Directed by Terrence Malick
Line that stays with me: “How did we lose the good that was given us? Let it slip away—scattered, careless?”
Essay Warning: There are no spoilers or story details. I want to offer the emotion that a film can access within us. Plus I think the best way to watch a film is by not knowing anything about it. Just Go In…So if you haven’t watched this film yet please don’t read this essay. Read it afterwards so we can enjoy the “feeling” together.
I remember when Terrence Malick’s “The Thin Red Line” was released. His film was constantly compared to Steven Spielberg’s “Saving Private Ryan”. Both films were released in 1998. They were the new war films on the block. Before these two films were released not many war films were being made. The fact that both films were financially successful changed that and brought forth an excitement in Hollywood to create more war films. Now there’s a new war film every year. But back in 1998 what a pleasure it was to witness two of cinema’s biggest directors bring the war genre back to life and in completely different ways. The summer of 1998 belonged to Steven Spielberg. Cinematically speaking it is impossible not to appreciate “Saving Private Ryan’s” grand opening sequence presenting the true hell war can be. I will never forget how that sequence floored me. I was amazed by the skill of the filmmakers, and was left petrified by the images I saw. Yet, gradually with the passing of time that sequence got drained of its magic as I started to hear “film-nerds” say how “cool” that scene is, even though those were real soldiers who died on that battlefield. So almost 15 years later “Saving Private Ryan” can only be categorized as amazing propaganda. A great lead in to games like “Call of Duty” that also just basically profit from war. I don’t mean to sound like an uptight prick but I can’t help but feel odd now at the fact that we want to make games from experiences that haunt people and destroyed families. What do we value? “The Thin Red Line” doesn’t want to impress us with violence. It wants to reach your soul, remind you that you are human, fragile, afraid, and hungry to enjoy life. We are all like that one way or another but in today’s “I got to be HARD” generation, the soul is forgotten and left yearning.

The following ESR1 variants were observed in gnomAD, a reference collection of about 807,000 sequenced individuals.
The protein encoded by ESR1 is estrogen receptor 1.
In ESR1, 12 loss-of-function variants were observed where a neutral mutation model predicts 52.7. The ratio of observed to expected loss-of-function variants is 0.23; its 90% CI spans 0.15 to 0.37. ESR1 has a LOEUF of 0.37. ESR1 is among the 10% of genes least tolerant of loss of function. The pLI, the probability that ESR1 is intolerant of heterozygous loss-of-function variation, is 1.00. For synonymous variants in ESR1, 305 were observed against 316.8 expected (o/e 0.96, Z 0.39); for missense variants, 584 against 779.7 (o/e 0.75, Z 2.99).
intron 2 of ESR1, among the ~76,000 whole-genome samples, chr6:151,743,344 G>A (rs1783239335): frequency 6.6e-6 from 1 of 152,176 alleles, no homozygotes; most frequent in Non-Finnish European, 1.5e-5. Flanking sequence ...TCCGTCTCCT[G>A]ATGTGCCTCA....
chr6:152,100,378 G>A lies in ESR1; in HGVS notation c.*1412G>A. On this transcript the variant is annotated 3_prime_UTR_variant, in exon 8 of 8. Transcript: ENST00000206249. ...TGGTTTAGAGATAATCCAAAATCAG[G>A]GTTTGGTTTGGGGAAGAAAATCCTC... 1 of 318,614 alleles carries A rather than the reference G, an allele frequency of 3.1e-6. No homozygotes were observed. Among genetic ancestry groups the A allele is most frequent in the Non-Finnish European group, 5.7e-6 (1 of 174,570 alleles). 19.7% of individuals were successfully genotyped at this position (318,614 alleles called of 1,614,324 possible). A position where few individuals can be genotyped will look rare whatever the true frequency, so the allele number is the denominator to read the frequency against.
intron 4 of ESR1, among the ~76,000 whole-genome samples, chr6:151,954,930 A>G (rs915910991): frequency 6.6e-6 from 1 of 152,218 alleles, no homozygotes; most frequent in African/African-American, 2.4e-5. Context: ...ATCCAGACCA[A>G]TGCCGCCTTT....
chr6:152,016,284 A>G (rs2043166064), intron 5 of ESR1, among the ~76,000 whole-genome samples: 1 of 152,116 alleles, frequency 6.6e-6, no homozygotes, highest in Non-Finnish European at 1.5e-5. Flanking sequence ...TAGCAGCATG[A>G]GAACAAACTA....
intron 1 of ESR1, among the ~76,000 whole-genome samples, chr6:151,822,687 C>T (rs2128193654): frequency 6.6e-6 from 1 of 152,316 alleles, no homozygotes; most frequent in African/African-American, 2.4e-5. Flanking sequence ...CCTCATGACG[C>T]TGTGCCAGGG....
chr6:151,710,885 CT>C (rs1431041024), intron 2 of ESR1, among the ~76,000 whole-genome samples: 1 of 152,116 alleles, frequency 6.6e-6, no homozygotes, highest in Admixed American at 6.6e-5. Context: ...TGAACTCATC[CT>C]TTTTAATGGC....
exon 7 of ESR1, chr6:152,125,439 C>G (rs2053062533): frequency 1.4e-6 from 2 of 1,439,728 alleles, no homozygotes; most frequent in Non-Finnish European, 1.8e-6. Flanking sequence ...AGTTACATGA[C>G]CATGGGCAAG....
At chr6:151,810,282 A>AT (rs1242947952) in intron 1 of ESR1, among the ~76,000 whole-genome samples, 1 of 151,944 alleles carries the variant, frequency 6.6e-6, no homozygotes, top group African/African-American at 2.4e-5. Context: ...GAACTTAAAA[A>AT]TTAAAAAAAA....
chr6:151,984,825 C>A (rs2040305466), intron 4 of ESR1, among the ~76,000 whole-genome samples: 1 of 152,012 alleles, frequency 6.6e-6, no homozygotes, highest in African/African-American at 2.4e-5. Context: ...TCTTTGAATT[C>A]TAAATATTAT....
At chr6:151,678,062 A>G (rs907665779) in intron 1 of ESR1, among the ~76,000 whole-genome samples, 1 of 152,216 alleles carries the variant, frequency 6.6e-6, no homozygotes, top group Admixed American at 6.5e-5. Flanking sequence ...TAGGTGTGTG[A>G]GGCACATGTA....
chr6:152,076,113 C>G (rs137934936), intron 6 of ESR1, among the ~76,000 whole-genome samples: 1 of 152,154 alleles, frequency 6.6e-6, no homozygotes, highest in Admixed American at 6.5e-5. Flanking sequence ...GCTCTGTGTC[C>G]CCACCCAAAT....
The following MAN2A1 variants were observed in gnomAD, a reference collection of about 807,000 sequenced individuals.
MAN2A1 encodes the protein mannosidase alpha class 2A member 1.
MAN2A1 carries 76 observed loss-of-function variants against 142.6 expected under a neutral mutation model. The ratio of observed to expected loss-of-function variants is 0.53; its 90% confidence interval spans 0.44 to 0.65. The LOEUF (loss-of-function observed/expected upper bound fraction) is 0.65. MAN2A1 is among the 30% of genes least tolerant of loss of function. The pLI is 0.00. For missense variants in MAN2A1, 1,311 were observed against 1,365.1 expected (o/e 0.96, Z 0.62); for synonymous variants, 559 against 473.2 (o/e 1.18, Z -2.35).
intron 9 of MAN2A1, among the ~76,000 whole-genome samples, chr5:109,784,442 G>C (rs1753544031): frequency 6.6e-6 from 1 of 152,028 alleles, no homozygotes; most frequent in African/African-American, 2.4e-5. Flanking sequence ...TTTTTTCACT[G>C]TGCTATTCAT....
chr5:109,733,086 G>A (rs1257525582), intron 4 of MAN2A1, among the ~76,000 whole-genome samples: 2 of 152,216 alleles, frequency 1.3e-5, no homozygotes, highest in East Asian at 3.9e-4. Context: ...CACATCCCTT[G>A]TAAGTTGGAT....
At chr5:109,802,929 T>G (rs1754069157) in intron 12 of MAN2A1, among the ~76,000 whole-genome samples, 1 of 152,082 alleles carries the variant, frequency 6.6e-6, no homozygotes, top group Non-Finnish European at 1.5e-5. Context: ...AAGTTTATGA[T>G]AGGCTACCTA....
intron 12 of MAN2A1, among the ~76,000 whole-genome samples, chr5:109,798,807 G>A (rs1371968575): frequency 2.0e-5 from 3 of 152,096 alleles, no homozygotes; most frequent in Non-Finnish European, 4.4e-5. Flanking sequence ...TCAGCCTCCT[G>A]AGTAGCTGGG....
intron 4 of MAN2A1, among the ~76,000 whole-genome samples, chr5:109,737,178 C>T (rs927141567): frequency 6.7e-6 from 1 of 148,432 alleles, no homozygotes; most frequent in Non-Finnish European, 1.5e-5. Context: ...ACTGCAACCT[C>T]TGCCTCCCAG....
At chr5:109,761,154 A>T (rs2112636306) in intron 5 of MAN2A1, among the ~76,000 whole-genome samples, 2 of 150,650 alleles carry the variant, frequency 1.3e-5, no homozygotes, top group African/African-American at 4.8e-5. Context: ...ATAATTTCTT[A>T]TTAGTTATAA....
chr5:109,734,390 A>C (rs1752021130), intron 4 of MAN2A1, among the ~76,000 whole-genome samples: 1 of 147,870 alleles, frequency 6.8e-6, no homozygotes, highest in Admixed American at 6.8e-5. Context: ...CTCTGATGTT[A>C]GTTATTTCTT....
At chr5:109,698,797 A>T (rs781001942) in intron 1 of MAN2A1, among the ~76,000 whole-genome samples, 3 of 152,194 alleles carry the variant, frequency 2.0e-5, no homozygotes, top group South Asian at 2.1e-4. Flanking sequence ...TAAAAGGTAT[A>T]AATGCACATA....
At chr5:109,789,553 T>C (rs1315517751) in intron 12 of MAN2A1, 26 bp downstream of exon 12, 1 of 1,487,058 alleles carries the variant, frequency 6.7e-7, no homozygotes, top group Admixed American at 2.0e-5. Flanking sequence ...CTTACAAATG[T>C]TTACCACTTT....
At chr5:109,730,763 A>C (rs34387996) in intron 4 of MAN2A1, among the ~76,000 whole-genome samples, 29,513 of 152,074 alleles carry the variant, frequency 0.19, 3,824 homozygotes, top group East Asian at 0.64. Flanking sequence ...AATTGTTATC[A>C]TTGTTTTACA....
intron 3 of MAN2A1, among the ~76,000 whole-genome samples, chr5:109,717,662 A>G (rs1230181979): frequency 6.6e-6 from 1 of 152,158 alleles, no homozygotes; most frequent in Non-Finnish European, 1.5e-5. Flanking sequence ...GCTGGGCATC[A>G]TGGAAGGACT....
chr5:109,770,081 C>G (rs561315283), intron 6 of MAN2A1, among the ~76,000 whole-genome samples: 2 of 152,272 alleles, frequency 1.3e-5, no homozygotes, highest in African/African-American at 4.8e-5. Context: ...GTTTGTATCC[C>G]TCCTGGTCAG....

Watching “Saving Private Ryan” the first time definitely left me with that fan boy rush of “Wow that’s the most amazing thing I’ve ever seen”. Now that that luster is gone I believe it’s a well done film with a lame duck story. It is a film that holds up thanks to the good actors and great production values. “The Thin Red Line” has aged much better and as you get older I believe you will continue to find greatness in the film. Of course this all depends on what kind of entertainment experience you desire. In the sense of longevity that’s where I think “Saving Private Ryan” falls short and “The Thin Red Line” excels. I mean if you want to watch soldiers getting shot and blown up plus a decent story you might as well play a “Call of Duty” game instead of watching “Saving Private Ryan”. But what videogame can tug your heart and mind the way “The Thin Red Line” does. “The Thin Red Line” is classic Terrence Malick and you either love his style by now or you don’t. I love it! He is one of the few directors’ that has dedicated his career to better understand our hearts and souls. Every film he has made is so human yet without censoring the dark side of human nature. Terrence Malick might go down as the best “One Trick Pony” director of all time. Almost every film of his has the same approach. Beautiful yet intricate shots followed by sweeping music and voiceovers. I fall for it every time. This simple approach is perfect for creating the most amazing thing films can do which is putting you in someone else’s shoes. Those 2 or 3 hours of separation from our minds into another can enlighten people like very few mediums can. I believe this part of cinema is very important. It leads to understanding each other, adds patience to your heart instead of just giving us the standard thrill of watching a stunt man do a full flip because he got hit by a grenade. Even a scene like that in the “The Thin Red Line” becomes a completely different experience as we watch Woody Harrelson’s character die without warning.